So instead better to limit your freedom to express yourself in the first place.

I'd take the bot. At least in the history of the article it is recorded that it was tried to enter 123.45 for a population, and we can later figure out what was happening.

Why not wait and see if this is really a problem? I wonder how many such mistakes will ever be entered, besides "jokes" and vandalism. And the latter is easier to catch if we don't require the pranksters to use data that sounds correct. Do we have any indication that contributors are being supported by a system that doesn't let them enter negative numbers for populations?

On Fri, Nov 22, 2013 at 1:46 PM, Lukas Benedix <> wrote:
I don't want to feel like John Connor... hunted by a bot that comes after my edits and reverts them only because I entered 123.45 for a property that should be an integer.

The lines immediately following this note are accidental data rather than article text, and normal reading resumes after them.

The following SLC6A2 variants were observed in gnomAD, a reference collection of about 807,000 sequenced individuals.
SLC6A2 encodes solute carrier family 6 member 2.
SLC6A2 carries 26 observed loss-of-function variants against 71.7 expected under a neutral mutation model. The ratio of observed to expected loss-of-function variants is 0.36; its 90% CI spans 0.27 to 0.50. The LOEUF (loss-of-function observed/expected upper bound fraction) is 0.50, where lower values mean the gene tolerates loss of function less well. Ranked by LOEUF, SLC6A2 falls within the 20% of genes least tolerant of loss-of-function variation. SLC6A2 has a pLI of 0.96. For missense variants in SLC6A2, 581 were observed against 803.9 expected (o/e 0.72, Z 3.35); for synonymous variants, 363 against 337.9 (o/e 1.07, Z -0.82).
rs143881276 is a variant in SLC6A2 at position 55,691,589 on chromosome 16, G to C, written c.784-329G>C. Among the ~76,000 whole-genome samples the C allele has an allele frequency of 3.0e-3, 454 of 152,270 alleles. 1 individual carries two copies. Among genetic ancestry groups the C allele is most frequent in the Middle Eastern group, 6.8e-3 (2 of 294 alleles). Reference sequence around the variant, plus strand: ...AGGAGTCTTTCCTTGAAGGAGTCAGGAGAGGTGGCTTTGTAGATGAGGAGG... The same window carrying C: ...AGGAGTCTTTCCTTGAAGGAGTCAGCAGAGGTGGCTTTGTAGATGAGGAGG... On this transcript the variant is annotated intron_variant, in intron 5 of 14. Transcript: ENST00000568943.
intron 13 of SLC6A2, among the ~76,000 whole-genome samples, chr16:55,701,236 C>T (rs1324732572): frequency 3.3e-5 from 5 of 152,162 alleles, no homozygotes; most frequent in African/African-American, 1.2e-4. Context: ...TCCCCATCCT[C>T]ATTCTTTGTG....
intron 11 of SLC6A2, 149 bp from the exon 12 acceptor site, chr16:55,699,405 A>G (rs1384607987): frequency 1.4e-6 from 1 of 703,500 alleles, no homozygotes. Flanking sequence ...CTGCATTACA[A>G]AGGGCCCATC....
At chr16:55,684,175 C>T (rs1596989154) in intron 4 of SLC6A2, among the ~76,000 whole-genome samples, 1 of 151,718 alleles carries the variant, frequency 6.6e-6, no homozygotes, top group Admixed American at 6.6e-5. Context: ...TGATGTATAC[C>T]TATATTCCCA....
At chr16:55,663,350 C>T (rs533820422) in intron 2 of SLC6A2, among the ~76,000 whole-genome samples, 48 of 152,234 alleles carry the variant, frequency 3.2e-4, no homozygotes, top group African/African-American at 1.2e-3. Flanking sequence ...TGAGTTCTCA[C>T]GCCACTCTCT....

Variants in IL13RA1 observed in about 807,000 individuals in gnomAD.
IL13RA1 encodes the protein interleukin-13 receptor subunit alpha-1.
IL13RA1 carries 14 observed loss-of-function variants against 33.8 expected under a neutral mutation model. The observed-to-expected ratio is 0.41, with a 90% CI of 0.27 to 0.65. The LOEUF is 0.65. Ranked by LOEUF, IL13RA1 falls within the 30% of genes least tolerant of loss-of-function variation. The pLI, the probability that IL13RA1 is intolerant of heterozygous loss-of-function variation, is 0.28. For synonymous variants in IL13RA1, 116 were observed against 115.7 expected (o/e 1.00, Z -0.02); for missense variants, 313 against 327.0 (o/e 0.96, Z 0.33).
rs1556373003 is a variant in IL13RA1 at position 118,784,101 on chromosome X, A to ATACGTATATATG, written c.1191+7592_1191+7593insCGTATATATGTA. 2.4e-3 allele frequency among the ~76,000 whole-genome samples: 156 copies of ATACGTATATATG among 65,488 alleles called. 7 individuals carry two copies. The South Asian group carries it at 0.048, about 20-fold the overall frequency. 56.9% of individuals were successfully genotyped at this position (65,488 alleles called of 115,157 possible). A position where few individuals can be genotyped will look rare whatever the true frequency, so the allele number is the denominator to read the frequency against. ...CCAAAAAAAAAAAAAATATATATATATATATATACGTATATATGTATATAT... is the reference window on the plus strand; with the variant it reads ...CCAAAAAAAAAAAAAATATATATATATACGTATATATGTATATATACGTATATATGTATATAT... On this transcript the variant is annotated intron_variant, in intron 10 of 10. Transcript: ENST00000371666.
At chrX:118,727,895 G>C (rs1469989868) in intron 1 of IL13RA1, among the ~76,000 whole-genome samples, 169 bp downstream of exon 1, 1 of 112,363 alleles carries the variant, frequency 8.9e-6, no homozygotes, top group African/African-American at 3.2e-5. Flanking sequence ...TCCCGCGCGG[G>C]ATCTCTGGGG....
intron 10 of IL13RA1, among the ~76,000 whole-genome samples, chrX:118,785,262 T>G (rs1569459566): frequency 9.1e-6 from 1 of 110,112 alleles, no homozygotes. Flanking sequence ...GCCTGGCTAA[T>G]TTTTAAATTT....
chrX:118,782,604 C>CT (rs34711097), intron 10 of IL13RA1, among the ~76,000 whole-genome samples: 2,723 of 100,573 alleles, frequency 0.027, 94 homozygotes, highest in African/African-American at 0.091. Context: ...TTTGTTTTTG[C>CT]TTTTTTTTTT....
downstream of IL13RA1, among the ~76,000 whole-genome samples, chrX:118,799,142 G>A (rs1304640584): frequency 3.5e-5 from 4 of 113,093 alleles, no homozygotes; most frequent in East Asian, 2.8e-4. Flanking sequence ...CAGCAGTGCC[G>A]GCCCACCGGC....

Am Fr 22.11.2013 21:56, schrieb Denny Vrandečić:
It is either obvious that they should be entering only integers or positive numbers, in which case such feedback isn't helpful, or it might end up being too restrictive again. Who tells me that a system like this won't get used in order to force cities to have a population of an integer bigger than 10,000? 

I understand the wish and desire to restrict user input, but I would like to remind everyone that Wikidata comes from the wiki side, which adheres more to the 'let's gather input and then verify it' than the 'let's make everyone give us correct input in the first place' side.

On Fri, Nov 22, 2013 at 11:24 AM, Helder . <> wrote:
On Fri, Nov 22, 2013 at 4:11 PM, Lukas Benedix
<> wrote:
> The problem I see with this practice is that a user doesn't get any feedback
> that he is entering 'invalid' values.



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